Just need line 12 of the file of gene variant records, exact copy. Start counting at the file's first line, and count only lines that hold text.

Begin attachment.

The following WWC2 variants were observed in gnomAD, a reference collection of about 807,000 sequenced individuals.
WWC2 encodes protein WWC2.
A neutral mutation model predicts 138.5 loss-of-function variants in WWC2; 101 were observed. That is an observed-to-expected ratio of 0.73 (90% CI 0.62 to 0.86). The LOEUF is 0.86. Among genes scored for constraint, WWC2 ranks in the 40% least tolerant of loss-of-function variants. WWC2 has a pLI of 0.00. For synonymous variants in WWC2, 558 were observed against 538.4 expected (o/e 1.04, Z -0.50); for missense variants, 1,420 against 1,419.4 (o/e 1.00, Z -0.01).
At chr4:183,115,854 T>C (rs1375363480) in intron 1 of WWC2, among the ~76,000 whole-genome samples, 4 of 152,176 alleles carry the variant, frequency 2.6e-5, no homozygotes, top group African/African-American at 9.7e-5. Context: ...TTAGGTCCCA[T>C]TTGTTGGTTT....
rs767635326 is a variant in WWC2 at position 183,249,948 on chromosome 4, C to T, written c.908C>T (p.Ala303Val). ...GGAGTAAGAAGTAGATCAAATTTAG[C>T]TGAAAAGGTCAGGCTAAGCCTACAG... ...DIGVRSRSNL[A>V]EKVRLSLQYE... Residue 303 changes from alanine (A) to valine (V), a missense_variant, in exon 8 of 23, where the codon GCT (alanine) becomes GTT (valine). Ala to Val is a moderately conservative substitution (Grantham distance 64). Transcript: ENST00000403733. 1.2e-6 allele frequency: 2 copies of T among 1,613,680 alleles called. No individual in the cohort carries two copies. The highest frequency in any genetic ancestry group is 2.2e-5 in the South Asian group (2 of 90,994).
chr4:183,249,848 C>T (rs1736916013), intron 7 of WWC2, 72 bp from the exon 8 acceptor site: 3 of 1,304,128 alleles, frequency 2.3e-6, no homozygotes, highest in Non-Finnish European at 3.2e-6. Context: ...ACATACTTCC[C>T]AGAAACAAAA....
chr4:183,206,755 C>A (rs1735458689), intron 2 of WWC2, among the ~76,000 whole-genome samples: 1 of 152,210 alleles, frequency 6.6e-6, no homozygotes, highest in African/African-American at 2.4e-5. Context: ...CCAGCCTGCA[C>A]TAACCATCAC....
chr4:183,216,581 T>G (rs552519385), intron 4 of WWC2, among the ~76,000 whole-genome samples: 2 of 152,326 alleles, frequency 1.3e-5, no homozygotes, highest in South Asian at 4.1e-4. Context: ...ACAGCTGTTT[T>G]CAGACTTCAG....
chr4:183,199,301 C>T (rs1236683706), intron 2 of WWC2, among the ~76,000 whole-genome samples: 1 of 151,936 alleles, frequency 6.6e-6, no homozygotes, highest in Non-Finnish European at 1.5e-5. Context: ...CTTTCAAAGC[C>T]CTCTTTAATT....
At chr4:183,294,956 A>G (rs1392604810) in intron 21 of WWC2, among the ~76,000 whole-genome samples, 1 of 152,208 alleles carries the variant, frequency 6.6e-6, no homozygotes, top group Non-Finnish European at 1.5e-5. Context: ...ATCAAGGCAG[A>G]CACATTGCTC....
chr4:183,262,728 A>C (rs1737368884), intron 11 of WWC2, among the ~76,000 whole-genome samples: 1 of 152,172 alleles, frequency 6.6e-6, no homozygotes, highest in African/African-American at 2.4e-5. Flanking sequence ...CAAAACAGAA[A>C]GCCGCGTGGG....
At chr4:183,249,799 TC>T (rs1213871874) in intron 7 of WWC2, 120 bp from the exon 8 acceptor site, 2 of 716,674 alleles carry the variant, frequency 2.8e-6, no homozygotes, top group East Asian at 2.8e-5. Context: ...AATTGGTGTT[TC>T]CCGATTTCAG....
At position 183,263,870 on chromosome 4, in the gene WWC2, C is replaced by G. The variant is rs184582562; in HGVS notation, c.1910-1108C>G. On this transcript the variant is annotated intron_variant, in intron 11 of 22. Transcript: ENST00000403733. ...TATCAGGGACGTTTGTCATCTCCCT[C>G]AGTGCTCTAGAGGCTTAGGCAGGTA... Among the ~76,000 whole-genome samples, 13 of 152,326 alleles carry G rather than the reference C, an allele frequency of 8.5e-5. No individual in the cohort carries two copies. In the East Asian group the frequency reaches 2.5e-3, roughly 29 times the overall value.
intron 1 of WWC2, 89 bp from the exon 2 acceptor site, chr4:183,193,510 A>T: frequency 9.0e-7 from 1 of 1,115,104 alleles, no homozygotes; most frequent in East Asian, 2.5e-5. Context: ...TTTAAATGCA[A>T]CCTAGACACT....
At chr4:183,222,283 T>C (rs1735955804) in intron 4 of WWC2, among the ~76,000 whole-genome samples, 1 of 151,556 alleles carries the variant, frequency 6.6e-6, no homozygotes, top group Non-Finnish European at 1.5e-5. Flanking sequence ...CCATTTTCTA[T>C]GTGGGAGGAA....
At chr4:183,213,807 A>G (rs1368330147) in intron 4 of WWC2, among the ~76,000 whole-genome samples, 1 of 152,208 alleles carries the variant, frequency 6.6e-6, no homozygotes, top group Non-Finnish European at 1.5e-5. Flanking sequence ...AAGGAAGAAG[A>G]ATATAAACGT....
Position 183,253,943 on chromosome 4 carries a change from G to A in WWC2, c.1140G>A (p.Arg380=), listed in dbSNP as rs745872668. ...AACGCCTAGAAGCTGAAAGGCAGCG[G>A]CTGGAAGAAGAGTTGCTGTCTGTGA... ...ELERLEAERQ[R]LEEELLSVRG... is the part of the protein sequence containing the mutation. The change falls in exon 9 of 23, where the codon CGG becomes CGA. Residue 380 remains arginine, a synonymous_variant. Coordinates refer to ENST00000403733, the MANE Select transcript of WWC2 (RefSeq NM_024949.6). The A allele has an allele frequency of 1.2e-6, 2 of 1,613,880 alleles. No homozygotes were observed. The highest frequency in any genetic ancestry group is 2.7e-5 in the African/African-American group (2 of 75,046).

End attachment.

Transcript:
At chr4:183,249,799 TC>T (rs1213871874) in intron 7 of WWC2, 120 bp from the exon 8 acceptor site, 2 of 716,674 alleles carry the variant, frequency 2.8e-6, no homozygotes, top group East Asian at 2.8e-5. Context: ...AATTGGTGTT[TC>T]CCGATTTCAG....